With Don Mueang airport’s busy schedule, it was important for me to be ready to go in time for my scheduled departure slot at 10:25am. After breakfast at my hotel in Asoke I took a “Grab” (southeast Asia’s version of Uber) to the airport. Things nearly fell apart at that stage as my driver got entirely lost, and spent about 30 minutes driving around trying to find the jet center. Luckily, after arrival, M-Jets were as quick and efficient as before and in minutes I was through immigration and in the van, heading back to the aircraft.
I was excited to discover that fuel here came from a truck instead of drums. What a luxury! I topped off all the wing tanks, and added a final 100 liters to the ferry tank to make sure that I’d have plenty of reserves for the next section of the trip; to minimise airport tasks through Malaysia I planned to have my next refueling in Singapore. I called for start-up, right on cue, and ended up waiting for ten minutes before being given start clearance as traffic was already heavy. I eventually joined the queue of 737s and A320s, as well as a single Thai Air Force C130, waiting for take-off; and just 30 minutes later than scheduled, I was off and headed south.
Air Traffic Control immediately vectored me off of my flight-planned route, which had led straight over Bangkok, and instead took me out on a long loop to the west of the city before turning me back on course over the sea. I set the autopilot to follow the GPS route, and off I went across the water for a couple of hours towards Koh Samui.
2 hours later, the island of Koh Samui came into view, and behind it the shore of southern Thailand. There were the usual afternoon cumulus clouds building over the land, but nothing troublesome. The biggest bother was the haze, making it difficult to get any clear photographs as I crossed the narrow neck of southern Thailand and started my descent towards Langkawi. The body of the island was covered in cloud, but as I circled round to the west to line up for final approach I was able to catch glimpses of huts on stilts along the waters’ edge, clearly a nice hotel of some description!
Langkawi is nominally a “one way in, one way out” airport as there is steeply rising terrain off the northern end of the runway. I landed on runway 03 and taxied into position on stand 13, where my handling agent Mr Musa and his colleague were waiting for me. I covered the aircraft, and after a brief hunt for the keys to the car which had somehow been lost, they drove me to immigration. This was incredibly quick and easy, and just minutes after landing Mr Musa was dropping me off at the Cenang Plaza hotel for my 2 night stay.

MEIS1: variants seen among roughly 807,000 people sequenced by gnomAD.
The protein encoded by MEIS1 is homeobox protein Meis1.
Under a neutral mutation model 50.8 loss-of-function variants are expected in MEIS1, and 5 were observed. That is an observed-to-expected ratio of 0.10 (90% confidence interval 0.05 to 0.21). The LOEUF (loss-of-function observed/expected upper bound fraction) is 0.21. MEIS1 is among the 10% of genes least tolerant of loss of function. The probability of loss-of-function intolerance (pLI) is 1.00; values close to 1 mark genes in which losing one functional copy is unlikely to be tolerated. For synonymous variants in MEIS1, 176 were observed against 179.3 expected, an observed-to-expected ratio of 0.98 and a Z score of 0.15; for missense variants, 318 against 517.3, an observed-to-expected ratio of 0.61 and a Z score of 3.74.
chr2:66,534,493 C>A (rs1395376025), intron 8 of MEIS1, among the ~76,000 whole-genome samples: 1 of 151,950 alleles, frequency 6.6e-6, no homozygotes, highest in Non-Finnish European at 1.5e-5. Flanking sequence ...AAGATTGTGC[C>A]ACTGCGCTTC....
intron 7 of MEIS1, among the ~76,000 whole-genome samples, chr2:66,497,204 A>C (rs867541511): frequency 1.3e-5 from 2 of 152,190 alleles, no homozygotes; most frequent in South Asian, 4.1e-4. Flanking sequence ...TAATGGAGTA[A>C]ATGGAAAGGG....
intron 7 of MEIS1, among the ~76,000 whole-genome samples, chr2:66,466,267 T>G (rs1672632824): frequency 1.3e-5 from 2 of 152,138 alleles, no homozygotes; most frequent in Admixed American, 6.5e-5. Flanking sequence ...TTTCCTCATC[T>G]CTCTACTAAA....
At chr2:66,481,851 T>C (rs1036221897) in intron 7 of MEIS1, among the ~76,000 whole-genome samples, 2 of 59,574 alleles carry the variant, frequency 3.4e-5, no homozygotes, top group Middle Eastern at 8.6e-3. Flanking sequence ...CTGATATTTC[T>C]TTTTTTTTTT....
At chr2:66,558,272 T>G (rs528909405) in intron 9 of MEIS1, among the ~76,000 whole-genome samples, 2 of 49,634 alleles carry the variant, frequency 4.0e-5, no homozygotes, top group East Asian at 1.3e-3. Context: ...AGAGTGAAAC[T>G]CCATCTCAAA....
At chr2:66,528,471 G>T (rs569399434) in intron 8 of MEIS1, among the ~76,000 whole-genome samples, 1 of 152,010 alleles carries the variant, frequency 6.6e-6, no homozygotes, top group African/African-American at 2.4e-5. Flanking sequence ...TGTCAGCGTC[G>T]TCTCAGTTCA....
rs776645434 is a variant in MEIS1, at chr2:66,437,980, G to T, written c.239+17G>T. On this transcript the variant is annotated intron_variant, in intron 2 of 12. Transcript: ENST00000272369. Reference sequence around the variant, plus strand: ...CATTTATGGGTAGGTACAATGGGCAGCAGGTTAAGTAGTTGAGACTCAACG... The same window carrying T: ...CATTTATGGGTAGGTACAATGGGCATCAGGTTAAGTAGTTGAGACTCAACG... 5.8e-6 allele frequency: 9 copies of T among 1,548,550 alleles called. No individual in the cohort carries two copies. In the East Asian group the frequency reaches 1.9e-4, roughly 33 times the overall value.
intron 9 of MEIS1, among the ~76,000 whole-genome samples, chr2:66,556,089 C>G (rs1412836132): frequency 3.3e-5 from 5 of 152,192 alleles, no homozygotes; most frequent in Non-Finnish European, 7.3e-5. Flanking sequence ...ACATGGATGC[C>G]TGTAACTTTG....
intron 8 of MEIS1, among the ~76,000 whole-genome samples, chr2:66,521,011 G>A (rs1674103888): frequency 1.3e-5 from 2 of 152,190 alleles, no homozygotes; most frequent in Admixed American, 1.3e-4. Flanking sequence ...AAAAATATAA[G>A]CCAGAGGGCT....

First things first, I planned my day off, booking a morning boat tour in the mangroves. This done I strolled the few meters to the beach and took a table at the “Huggin Hippo” restaurant, which served a delicious chicken satay pizza and chocolate brownie dessert! It may not have been very traditional, but it was just what I needed after a day of flying.
After a quick breakfast at the Starbucks across the road from the hotel, I was collected at 0850 by the tour company, and off we went to the north of the island and the UNESCO-designated Kilim Geoforest Park. Kilim is one of the sections of the wider Langkawi Geopark, which encompasses the entire island of Langkawi. Langkawi was endorsed as the 52nd Global Geopark by UNESCO on 1st June 2007, making it the 1st geopark in Malaysia and the South East Asia region. It was designated due to its significant geoheritage features like caves, sea arches and sea stacks, dropstones and fossils. Managed by the local community, there are all kinds of boat tours and kayak tours to be had, led by knowledgeable guides who explain the flora, fauna, and geological features.
The four hour tour, in a group of 8, was enjoyable and interesting, stopping at a bat-cave (insect-eating rather than crime-fighting), an eagle nesting area, a floating restaurant, and a sail-through sea cave, as well as a short visit to a beach. Sadly there was rather a lot of floating rubbish offshore, as well as on the beach. A tidy-up is seriously needed.
After the tour our guide gave me a lift to the “crocodile adventure park”, just down the road from his house. Billed as the “Largest crocodile adventureland in Malaysia”, the park is apparently home to more than 4,000 crocodiles of various species including one of the largest in captivity worldwide, weighing in at over 1 ton. After a brief, slightly tacky crocodile show (with the standard “putting a hand in the crocodile’s mouth” and so on), I and a number of the other guests were given a pretty good guided tour of the park, culminating with feeding chicken to baby crocodiles. We were assured that, despite the presence of so many crocodiles in the park, there were none at large in Langkawi; although our guide from the morning had told us a number escaped early on in the park’s history!
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